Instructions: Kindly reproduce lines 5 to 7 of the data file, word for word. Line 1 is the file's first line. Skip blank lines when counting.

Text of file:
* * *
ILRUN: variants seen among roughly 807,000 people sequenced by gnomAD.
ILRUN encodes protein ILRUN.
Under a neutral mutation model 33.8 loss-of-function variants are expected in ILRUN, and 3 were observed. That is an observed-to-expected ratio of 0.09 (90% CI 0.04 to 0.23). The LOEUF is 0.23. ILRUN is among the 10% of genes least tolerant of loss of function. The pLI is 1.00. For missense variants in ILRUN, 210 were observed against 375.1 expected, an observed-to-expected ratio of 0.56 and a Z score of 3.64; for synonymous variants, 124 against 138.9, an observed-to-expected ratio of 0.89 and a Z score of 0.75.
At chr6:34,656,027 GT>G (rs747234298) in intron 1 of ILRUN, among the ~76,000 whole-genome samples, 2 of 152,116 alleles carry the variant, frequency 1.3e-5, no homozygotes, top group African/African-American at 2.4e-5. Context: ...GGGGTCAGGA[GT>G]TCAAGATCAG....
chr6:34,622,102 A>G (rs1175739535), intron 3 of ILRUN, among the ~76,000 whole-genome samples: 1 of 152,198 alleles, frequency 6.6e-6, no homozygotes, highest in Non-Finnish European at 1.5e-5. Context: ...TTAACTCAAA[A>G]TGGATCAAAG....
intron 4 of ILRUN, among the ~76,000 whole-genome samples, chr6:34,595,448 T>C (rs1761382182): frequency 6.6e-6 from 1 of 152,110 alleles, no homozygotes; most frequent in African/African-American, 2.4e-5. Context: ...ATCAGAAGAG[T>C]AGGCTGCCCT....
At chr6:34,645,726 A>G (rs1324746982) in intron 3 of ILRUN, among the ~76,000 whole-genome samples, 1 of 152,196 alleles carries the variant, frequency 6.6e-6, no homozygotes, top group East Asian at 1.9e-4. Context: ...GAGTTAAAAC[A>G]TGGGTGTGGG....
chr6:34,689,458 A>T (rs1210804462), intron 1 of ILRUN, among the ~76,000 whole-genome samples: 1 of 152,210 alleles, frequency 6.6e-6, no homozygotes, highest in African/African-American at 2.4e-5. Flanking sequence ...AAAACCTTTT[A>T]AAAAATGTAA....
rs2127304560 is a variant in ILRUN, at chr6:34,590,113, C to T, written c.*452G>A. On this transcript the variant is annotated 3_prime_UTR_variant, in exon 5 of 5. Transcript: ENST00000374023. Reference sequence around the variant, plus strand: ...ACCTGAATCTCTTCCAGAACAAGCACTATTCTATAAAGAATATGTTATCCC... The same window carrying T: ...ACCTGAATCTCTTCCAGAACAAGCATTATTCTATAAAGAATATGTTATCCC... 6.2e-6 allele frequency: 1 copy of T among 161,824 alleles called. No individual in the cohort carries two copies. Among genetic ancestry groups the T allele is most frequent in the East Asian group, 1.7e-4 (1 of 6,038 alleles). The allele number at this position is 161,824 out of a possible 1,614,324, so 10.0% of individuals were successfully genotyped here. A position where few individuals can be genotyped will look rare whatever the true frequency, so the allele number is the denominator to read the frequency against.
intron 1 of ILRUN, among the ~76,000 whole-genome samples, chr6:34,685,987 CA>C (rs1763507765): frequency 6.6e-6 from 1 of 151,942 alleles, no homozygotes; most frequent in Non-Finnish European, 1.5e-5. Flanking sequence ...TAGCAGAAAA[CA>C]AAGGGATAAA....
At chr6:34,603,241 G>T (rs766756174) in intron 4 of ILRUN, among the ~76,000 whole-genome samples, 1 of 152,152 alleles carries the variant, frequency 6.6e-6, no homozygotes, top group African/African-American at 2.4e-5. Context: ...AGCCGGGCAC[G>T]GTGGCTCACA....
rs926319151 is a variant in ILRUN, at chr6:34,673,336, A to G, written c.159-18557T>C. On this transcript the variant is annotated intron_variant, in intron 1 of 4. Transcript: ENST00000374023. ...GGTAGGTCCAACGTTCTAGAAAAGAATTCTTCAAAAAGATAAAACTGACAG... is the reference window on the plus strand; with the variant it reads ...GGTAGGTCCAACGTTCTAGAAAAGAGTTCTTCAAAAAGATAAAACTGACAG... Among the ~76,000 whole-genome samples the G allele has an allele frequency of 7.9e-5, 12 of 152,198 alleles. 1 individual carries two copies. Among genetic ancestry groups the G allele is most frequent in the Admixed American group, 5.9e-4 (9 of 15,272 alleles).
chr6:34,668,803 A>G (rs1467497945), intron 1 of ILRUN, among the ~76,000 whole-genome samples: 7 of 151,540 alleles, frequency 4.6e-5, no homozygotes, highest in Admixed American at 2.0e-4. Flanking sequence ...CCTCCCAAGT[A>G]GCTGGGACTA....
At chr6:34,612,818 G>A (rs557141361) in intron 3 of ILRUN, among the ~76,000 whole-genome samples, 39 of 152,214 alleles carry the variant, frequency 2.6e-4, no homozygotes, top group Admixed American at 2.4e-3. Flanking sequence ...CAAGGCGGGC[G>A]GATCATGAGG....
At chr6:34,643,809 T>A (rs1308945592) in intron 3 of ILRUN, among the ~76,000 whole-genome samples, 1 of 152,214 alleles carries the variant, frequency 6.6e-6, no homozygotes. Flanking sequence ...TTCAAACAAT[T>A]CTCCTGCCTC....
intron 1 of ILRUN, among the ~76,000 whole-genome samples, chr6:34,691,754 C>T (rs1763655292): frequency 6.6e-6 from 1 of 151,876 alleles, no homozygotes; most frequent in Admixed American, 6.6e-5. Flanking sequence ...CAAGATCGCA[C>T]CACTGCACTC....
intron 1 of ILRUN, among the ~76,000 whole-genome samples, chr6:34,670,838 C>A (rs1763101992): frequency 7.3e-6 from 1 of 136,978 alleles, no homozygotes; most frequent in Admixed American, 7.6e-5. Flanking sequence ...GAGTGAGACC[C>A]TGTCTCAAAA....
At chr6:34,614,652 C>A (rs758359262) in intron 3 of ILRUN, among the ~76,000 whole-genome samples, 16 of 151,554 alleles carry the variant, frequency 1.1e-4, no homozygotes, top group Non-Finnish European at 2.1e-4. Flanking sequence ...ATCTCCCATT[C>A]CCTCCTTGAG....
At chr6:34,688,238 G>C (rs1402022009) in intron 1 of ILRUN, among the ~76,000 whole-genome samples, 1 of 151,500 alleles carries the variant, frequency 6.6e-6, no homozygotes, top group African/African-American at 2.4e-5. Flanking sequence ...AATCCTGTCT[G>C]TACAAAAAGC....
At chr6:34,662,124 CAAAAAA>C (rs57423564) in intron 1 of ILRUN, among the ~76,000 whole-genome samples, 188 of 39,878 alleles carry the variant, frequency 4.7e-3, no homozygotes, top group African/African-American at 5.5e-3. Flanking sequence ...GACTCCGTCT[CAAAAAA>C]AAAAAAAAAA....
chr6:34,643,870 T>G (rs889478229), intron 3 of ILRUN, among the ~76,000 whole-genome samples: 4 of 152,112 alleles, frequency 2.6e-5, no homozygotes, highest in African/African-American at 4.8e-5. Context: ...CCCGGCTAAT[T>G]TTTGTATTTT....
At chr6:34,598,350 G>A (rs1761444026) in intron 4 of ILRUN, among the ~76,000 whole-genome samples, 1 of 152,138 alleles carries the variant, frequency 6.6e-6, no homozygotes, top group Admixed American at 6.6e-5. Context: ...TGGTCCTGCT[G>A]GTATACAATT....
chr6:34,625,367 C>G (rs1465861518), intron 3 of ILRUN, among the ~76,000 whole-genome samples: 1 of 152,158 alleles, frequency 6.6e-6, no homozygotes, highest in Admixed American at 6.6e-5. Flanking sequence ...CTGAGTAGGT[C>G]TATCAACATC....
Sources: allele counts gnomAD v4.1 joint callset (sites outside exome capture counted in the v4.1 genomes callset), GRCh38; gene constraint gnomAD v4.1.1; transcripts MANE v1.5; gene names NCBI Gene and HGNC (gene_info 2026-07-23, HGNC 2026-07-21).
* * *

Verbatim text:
chr6:34,622,102 A>G (rs1175739535), intron 3 of ILRUN, among the ~76,000 whole-genome samples: 1 of 152,198 alleles, frequency 6.6e-6, no homozygotes, highest in Non-Finnish European at 1.5e-5. Context: ...TTAACTCAAA[A>G]TGGATCAAAG....
intron 4 of ILRUN, among the ~76,000 whole-genome samples, chr6:34,595,448 T>C (rs1761382182): frequency 6.6e-6 from 1 of 152,110 alleles, no homozygotes; most frequent in African/African-American, 2.4e-5. Context: ...ATCAGAAGAG[T>C]AGGCTGCCCT....
At chr6:34,645,726 A>G (rs1324746982) in intron 3 of ILRUN, among the ~76,000 whole-genome samples, 1 of 152,196 alleles carries the variant, frequency 6.6e-6, no homozygotes, top group East Asian at 1.9e-4. Context: ...GAGTTAAAAC[A>G]TGGGTGTGGG....